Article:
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Immigration status not sole factor in injured worker’s employability

Immigration status not sole factor in injured worker’s employability

The Delaware Supreme Court has ruled that being unable to return to work due to immigration status doesn’t necessarily make an undocumented worker unemployable.

Therefore, an injured worker's immigration status can’t be used alone to determine whether they should continue to receive workers compensation disability benefits, the high court said.

According to court records, Magdalena Guardado worked as a machine manager for Kenton, Delaware-based Roos Foods Inc. In 2010, Ms. Guardado injured her left wrist and received workers comp total disability benefits.

Ms. Guardado came to the United States from El Salvador in 2004, is not a U.S. citizen and does not have credentials or documentation that would establish that she is legally able to work in the United States, court records show.

In 2014, Ms. Guardado underwent a fusion surgery on her left wrist fusion performed by Dr. Richard DuShuttle, court filings show. Soon after the surgery, Dr. DuShuttle released her to light duty, one-handed work because her right hand was uninjured.

Roos Food filed a petition for a review to terminate Ms. Guardado’s workers comp benefits, alleging that she could return to work, records show. A doctor testifying on behalf of Roos Foods said he believed that she could do desk work or any other type of work that did not require manipulation with both her left and right hand. But Dr. DuShuttle, testifying on behalf of Ms. Guardado, stated that the impairment to the left hand is permanent and that she could only use it for simple activities.

The Delaware Industrial Accident Board found that Ms. Guardado was no longer totally disabled by her wrist injury. However, the board found that she could be considered a displaced worker — and therefore remain eligible for comp benefits — "based upon her undocumented legal status and (because Roos Foods) has failed to (show) regular employment opportunities within Claimant’s capabilities as an undocumented injured worker.”

Roos Food appealed the decision to the Delaware Superior Court, which affirmed the board's decision in January.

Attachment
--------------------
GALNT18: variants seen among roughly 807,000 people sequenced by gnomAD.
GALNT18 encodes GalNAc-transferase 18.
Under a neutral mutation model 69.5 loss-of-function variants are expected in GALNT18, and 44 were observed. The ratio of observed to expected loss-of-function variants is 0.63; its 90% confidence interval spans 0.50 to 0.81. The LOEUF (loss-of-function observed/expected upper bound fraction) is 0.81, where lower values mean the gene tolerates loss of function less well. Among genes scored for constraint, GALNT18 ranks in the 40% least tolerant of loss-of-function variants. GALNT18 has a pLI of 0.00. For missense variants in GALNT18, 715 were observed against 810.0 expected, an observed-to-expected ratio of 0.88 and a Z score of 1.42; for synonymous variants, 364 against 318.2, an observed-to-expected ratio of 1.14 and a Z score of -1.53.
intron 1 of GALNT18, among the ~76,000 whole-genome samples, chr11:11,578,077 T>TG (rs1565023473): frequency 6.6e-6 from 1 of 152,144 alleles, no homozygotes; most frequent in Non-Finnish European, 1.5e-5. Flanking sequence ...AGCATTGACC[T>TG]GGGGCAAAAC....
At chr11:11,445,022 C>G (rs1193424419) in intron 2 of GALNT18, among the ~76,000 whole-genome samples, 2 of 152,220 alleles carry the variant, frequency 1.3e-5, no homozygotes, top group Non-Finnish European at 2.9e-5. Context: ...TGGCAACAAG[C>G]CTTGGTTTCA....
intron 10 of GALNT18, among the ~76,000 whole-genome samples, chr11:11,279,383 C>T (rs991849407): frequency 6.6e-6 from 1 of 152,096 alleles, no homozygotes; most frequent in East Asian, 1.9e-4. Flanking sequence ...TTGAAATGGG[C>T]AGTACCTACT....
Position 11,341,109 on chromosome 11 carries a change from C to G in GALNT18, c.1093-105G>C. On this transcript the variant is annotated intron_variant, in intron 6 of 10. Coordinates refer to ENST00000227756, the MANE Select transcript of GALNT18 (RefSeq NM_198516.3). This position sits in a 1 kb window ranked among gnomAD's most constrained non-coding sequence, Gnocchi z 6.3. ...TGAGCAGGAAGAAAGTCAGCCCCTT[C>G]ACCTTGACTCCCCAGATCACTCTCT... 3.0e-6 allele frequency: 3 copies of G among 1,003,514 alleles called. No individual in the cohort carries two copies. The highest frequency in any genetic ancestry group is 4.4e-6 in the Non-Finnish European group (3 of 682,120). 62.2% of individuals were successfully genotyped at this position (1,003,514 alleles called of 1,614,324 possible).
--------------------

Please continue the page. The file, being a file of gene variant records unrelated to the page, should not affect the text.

"Guardado is almost middle-aged and has no education beyond high school in El Salvador,” the Superior Court ruling read. "Guardado has no real workplace training, very little work experience, does not speak English, is unskilled in the labor market, and has work restrictions that limit her to light-duty work with one hand. These undisputed facts certainly portray a woman disqualified from regular employment in any well-known branch of the competitive labor market. When you add in the fact that she cannot work legally in this country, then her difficulties in obtaining work become even greater."

However, a three-judge panel of the Delaware Supreme Court reversed the Superior Court ruling on Tuesday. The high court found that an injured worker's immigration status can't be considered alone when determining if the claimant is a displaced worker who should continue to receive comp benefits.

Rather, the high court said other factors must be weighed in addition to an injured worker's immigration status, including “the employee’s age, education, general background, occupational and general experience, emotional stability, the nature of the work performable under the physical impairment and the availability of such work.”

The state Supreme Court also said that Roos Foods must prove that work is available for Ms. Guardado if it seeks to discontinue her disability benefits based on her employability.

What "is required is that an employer who has a burden of showing that jobs are actually available for an undocumented worker address that reality by presenting reliable market evidence that employment within the worker’s capabilities is available to undocumented workers," the ruling reads. "That burden is not an unreasonable one for employers to bear, particularly when they hired an undocumented worker in the first place."

The case was remanded to the state Superior Court for further proceedings.





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